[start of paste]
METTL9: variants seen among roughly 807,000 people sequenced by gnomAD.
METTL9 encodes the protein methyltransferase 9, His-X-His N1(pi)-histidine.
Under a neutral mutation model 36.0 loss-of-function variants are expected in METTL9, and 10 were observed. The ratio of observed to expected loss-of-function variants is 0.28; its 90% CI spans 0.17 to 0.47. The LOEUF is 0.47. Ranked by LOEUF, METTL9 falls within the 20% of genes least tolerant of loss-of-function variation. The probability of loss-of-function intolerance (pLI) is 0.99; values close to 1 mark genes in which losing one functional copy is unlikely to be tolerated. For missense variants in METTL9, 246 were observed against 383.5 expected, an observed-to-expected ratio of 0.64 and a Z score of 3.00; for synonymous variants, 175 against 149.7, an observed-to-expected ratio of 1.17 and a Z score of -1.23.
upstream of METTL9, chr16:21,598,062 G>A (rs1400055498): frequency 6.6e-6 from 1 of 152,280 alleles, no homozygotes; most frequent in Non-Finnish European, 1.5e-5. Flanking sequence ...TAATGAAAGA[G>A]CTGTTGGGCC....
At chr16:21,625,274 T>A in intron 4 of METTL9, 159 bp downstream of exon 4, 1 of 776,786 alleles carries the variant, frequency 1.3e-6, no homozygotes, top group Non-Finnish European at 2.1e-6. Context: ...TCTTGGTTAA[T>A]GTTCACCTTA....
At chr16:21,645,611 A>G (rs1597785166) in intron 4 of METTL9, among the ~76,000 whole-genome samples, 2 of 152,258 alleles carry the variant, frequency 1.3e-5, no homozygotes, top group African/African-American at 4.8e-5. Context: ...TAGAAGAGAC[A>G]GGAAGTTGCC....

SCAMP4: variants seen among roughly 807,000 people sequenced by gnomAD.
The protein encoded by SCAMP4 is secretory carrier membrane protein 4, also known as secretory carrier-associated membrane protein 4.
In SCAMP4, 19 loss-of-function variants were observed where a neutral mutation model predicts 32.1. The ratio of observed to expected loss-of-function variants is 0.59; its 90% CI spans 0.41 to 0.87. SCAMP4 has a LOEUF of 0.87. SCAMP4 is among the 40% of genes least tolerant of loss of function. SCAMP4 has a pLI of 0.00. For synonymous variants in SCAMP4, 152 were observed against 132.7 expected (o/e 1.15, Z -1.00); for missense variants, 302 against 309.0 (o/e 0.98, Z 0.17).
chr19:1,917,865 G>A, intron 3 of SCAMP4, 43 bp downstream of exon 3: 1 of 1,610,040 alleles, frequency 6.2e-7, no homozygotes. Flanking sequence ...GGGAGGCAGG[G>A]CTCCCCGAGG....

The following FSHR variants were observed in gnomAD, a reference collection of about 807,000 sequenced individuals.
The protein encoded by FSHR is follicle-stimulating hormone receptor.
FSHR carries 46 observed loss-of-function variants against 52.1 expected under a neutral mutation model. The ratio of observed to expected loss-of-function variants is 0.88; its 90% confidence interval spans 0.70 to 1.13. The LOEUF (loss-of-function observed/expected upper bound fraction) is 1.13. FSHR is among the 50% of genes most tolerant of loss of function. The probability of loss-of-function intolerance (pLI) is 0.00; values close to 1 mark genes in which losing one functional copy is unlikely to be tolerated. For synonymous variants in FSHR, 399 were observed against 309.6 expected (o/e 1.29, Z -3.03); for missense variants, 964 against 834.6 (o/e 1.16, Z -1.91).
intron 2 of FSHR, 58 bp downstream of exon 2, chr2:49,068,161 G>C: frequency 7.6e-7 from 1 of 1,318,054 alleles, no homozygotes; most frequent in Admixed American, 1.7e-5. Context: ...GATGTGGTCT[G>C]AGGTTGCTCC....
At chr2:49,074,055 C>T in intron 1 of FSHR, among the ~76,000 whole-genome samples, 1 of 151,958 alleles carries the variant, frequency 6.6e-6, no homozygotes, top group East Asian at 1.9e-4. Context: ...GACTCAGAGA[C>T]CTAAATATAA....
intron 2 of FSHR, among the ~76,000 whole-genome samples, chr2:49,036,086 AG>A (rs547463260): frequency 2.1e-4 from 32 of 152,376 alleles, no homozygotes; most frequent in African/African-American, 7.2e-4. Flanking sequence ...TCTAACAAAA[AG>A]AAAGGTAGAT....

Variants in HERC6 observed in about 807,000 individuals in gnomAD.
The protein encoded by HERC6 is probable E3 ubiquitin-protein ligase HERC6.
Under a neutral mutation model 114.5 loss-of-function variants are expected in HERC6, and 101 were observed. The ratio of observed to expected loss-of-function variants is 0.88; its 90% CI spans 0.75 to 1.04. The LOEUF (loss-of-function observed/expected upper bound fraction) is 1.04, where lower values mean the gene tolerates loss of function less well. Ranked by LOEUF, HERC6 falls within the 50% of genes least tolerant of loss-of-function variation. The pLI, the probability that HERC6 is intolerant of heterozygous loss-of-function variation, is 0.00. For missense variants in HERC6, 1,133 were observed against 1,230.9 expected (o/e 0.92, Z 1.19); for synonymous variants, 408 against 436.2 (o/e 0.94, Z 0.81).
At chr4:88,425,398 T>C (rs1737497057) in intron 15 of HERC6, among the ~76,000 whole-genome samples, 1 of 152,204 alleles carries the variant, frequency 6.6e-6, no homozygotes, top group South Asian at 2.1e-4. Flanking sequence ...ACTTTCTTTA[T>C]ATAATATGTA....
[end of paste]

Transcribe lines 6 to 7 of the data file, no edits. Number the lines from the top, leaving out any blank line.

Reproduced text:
At chr16:21,645,611 A>G (rs1597785166) in intron 4 of METTL9, among the ~76,000 whole-genome samples, 2 of 152,258 alleles carry the variant, frequency 1.3e-5, no homozygotes, top group African/African-American at 4.8e-5. Context: ...TAGAAGAGAC[A>G]GGAAGTTGCC....

SCAMP4: variants seen among roughly 807,000 people sequenced by gnomAD.